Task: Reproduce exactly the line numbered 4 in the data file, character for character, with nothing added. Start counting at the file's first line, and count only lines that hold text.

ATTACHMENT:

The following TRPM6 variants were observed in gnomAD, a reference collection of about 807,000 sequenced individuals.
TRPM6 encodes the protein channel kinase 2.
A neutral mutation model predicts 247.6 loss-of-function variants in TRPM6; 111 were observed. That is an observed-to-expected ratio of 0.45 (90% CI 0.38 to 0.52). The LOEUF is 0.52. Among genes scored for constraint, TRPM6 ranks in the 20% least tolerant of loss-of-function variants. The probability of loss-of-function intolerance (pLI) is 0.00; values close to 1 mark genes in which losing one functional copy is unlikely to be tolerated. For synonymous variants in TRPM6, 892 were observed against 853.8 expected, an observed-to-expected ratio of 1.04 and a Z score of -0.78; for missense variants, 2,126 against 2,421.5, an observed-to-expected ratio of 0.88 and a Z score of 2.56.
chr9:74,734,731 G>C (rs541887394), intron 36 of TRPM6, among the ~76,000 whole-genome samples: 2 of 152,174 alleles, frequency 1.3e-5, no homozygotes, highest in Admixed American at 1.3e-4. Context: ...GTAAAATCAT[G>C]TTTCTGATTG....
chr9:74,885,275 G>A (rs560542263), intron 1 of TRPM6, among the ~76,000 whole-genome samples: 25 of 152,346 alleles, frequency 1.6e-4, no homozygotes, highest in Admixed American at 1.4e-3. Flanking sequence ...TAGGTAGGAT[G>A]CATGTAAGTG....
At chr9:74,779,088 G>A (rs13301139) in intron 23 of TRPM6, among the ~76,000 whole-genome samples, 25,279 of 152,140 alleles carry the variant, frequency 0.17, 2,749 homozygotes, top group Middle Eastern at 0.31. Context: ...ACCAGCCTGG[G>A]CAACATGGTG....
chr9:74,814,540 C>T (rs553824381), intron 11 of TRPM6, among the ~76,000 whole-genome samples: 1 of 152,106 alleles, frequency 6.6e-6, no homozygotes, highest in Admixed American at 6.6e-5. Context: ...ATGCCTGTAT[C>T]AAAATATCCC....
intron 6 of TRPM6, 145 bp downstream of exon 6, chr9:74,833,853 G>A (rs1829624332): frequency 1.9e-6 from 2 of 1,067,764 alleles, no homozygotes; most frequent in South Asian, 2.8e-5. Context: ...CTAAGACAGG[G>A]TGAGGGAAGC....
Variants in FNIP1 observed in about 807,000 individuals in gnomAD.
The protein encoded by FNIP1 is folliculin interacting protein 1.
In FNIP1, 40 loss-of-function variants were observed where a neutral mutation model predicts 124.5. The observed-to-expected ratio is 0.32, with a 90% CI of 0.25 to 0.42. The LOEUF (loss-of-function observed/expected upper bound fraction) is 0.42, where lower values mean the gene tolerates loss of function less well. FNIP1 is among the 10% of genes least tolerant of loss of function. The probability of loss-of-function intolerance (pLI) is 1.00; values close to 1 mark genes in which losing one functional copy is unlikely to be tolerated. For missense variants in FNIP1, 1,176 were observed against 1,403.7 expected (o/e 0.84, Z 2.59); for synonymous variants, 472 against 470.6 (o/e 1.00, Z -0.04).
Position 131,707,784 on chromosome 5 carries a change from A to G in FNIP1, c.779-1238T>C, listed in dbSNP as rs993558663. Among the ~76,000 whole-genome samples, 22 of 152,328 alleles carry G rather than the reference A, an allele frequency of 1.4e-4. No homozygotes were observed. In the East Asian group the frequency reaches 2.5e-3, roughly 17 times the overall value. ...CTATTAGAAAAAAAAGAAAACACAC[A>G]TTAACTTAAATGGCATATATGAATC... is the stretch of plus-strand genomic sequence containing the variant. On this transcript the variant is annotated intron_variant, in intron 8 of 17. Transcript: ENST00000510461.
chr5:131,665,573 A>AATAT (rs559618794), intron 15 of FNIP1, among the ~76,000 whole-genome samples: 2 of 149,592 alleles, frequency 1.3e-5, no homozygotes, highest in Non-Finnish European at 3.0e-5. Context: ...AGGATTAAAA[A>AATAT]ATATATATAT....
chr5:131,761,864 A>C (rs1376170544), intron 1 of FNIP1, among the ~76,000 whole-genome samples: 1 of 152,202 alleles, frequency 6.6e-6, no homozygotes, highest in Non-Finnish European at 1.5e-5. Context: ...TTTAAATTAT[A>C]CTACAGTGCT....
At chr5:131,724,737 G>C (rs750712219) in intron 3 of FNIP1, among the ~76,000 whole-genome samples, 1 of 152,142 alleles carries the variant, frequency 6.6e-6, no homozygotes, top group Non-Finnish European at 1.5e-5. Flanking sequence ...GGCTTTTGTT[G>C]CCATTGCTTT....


chr9:74,734,731 G>C (rs541887394), intron 36 of TRPM6, among the ~76,000 whole-genome samples: 2 of 152,174 alleles, frequency 1.3e-5, no homozygotes, highest in Admixed American at 1.3e-4. Context: ...GTAAAATCAT[G>C]TTTCTGATTG....